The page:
First, some physical sectors are reserved ahead of time, so there are always some sectors on either the trash list or the clean list (or both). In the very cheapest and oldest models of flash drives active sectors are only remapped when written to, so you can end up with the situation you described, with wear-leveling restricted to the small area of the device not occupied by fixed data. These sorts of devices tend to wear out rather quickly under certain (common) use-cases.
However, in the better flash devices the FTL will remap even the unchanging sectors over time such that the wear-leveling is spread across all the device's erase sectors. These devices approach the ideal erase/rewrite limit (number of sectors * rewrites per sector).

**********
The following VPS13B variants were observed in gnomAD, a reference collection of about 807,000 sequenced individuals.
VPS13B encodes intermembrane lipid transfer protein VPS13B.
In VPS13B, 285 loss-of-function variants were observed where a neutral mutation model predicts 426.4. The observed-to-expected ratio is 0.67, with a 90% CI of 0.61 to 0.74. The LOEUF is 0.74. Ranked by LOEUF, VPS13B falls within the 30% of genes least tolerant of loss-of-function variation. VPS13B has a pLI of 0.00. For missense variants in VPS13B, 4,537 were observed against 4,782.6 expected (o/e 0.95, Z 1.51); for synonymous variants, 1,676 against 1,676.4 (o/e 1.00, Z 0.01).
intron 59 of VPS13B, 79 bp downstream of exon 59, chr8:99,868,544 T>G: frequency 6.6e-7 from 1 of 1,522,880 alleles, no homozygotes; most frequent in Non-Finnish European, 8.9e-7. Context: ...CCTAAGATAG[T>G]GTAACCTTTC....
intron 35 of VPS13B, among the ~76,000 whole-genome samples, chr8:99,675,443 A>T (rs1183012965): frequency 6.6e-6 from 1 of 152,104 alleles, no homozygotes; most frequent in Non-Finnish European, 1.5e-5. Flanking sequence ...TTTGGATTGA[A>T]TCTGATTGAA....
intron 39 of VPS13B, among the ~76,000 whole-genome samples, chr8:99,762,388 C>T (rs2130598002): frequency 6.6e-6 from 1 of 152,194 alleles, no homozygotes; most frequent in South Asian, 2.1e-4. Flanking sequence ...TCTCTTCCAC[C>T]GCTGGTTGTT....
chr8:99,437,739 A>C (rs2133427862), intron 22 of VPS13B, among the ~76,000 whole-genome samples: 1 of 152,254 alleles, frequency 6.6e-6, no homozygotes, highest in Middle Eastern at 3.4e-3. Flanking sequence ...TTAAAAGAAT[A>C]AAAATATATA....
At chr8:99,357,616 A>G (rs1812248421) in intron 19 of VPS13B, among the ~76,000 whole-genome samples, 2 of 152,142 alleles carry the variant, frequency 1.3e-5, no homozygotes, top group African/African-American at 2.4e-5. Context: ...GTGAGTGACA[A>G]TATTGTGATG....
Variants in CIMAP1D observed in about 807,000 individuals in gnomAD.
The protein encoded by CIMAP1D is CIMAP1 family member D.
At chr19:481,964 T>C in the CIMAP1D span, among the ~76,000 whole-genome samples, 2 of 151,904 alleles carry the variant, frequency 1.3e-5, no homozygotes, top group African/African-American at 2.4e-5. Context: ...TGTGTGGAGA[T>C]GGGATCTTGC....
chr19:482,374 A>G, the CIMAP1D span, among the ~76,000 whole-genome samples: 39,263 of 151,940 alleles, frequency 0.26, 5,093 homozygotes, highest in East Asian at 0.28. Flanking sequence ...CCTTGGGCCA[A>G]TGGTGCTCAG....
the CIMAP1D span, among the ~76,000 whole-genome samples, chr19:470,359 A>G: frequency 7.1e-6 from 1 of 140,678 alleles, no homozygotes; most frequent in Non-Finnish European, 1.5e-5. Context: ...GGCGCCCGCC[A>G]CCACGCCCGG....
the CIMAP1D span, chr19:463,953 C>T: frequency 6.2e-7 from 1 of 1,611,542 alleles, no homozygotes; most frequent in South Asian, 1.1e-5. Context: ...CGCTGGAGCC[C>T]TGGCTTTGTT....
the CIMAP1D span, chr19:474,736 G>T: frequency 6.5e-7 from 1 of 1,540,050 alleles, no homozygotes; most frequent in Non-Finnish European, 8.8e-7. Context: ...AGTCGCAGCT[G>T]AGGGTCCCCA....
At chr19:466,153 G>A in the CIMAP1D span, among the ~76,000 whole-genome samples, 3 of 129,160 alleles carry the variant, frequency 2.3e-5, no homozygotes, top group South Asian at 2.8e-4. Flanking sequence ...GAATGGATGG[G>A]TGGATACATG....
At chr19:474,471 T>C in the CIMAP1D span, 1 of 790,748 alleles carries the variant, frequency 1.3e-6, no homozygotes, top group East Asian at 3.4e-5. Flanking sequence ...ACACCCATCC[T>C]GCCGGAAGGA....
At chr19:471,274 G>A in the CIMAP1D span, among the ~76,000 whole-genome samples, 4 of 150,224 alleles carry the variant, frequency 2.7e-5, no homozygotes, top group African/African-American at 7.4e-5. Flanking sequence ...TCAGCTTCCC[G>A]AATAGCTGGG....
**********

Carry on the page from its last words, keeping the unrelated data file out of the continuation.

For example, assume we have a flash device with five sectors: four visible plus one spare. After writing to the full device there are four active sectors (phys. 1-4) and one on the clean list (5). Rewriting logical sector 3 changes the active mapping to (1->1, 2->2, 3->5, 4->4), empties the clean list, and adds phys. sector 3 to the trash list. Rewriting sector three again with a simple FTL just causes phys. sector three to be erased and swapped with sector 5 on the trash list; none of the other sectors are wear-leveled. With a better FTL, however, the device may decide to place the new data in phys. sector 1, moving the original data for the first logical sector over to phys. sector 5 instead (active: 1->5, 2->2, 3->1, 4->4; trash: 3). This introduces an extra erase operation (on *some* writes), but now the changes are spread across three sectors rather than the original two, and additional writes would be further spread to sectors 2 and 4 as well. The end result is that all the sectors end up with similar numbers of rewrites.